Christians Speaking Welsh
Winds of Change: The Roman Catholic Church and Society in Wales 1916-1962
by Trystan Owain Hughes
Cardiff: University of Wales Press, 1999
(291 pages; £25.00, paper)
by Preston Jones
Had Wales not converted to Protestantism in general and, by the nineteenth century, to Evangelicalism in particular, it’s unlikely that the country’s ancient tongue would have survived to the extent it has. Welsh is the healthiest of all the Celtic languages: over 20 percent of the inhabitants of Wales speak it.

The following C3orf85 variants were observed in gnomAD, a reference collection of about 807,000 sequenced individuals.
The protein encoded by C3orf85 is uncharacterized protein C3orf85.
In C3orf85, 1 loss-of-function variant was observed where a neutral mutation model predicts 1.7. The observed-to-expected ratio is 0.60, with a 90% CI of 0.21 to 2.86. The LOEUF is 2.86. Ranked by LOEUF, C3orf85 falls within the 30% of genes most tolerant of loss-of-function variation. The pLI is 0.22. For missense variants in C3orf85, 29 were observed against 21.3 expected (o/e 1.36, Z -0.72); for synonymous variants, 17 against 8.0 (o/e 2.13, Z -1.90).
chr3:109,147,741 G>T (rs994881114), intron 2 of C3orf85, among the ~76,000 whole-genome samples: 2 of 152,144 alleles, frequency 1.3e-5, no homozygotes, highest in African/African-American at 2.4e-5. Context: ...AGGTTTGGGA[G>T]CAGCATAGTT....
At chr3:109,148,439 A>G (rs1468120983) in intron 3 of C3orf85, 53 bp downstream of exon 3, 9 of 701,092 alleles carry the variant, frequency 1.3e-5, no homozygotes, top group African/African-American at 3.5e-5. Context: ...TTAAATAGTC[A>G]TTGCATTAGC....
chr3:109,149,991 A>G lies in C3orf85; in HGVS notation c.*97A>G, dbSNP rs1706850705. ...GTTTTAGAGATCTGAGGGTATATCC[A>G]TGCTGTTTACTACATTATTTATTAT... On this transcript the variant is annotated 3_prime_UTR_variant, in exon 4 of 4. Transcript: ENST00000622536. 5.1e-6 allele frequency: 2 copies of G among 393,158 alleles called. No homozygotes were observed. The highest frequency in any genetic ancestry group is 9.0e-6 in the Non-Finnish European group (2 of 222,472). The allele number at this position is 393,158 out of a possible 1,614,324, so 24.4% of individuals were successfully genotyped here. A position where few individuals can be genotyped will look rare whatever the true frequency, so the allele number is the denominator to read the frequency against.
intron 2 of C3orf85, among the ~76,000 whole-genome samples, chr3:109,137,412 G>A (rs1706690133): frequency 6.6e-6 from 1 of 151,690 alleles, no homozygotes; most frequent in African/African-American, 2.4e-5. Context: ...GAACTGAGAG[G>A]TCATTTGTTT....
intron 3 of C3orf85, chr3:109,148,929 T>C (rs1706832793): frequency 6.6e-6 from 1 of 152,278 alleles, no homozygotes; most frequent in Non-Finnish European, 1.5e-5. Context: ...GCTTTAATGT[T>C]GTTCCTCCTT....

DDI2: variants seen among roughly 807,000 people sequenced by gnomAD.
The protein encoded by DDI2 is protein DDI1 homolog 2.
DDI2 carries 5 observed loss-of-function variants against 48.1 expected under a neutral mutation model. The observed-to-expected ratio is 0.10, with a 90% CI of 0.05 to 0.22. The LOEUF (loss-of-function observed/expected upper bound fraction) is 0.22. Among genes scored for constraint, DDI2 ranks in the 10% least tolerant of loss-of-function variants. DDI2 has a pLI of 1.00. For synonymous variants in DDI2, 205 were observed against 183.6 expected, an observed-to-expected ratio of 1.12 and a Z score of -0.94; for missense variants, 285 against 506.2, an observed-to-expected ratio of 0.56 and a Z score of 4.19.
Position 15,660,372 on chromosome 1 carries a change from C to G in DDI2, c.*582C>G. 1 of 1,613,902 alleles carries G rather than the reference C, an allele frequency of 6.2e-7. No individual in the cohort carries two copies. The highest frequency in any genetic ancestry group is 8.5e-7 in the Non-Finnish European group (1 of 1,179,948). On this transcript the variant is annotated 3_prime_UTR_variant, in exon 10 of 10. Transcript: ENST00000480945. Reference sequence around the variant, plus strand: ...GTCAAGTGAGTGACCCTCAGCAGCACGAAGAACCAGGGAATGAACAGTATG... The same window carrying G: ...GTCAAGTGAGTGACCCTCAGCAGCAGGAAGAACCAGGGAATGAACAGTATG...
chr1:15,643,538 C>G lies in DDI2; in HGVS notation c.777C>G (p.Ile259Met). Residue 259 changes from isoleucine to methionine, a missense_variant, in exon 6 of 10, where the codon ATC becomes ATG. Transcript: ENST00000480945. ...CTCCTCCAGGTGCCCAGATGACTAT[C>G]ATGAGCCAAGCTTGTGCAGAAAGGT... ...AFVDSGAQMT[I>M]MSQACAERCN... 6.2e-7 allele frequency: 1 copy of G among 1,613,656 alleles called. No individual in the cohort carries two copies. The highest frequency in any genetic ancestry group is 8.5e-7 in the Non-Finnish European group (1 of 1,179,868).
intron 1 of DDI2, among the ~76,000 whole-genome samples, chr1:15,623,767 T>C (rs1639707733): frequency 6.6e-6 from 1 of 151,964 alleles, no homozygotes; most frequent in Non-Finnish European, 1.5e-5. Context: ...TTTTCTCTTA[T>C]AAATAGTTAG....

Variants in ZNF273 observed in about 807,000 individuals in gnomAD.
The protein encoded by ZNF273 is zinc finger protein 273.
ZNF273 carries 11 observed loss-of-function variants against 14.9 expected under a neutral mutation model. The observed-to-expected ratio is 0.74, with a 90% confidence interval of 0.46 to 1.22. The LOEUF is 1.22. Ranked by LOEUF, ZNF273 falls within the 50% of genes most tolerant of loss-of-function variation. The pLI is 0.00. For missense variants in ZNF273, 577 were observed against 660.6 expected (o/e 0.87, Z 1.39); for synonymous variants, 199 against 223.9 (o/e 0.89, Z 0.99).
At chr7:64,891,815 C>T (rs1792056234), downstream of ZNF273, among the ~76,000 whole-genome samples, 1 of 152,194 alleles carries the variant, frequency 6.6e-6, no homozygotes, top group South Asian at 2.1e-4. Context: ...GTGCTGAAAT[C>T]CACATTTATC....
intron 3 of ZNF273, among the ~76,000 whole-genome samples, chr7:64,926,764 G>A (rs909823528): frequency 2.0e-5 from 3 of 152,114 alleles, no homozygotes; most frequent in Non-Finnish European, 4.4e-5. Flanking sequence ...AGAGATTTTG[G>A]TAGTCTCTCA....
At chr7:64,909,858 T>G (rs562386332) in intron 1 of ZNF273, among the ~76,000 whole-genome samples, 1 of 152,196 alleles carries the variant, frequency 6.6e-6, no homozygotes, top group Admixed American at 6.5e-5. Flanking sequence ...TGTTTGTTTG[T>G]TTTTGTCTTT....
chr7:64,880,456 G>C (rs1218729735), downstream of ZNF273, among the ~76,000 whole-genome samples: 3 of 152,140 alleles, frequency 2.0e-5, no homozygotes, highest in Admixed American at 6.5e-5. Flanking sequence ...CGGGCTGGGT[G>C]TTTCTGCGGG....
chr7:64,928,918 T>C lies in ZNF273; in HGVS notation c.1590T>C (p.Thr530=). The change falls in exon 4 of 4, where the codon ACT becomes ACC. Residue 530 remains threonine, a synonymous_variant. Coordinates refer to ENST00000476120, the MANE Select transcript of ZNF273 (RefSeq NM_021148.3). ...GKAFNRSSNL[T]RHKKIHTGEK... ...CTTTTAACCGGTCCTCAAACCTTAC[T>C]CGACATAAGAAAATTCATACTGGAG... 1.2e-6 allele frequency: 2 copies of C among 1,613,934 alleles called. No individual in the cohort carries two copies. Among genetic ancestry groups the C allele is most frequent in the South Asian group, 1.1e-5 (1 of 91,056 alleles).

Most Welsh-speakers know that their mother tongue survived in Sunday schools and nonconformist (i.e., non-Anglican) chapels. This truth pervades Welsh cu . . .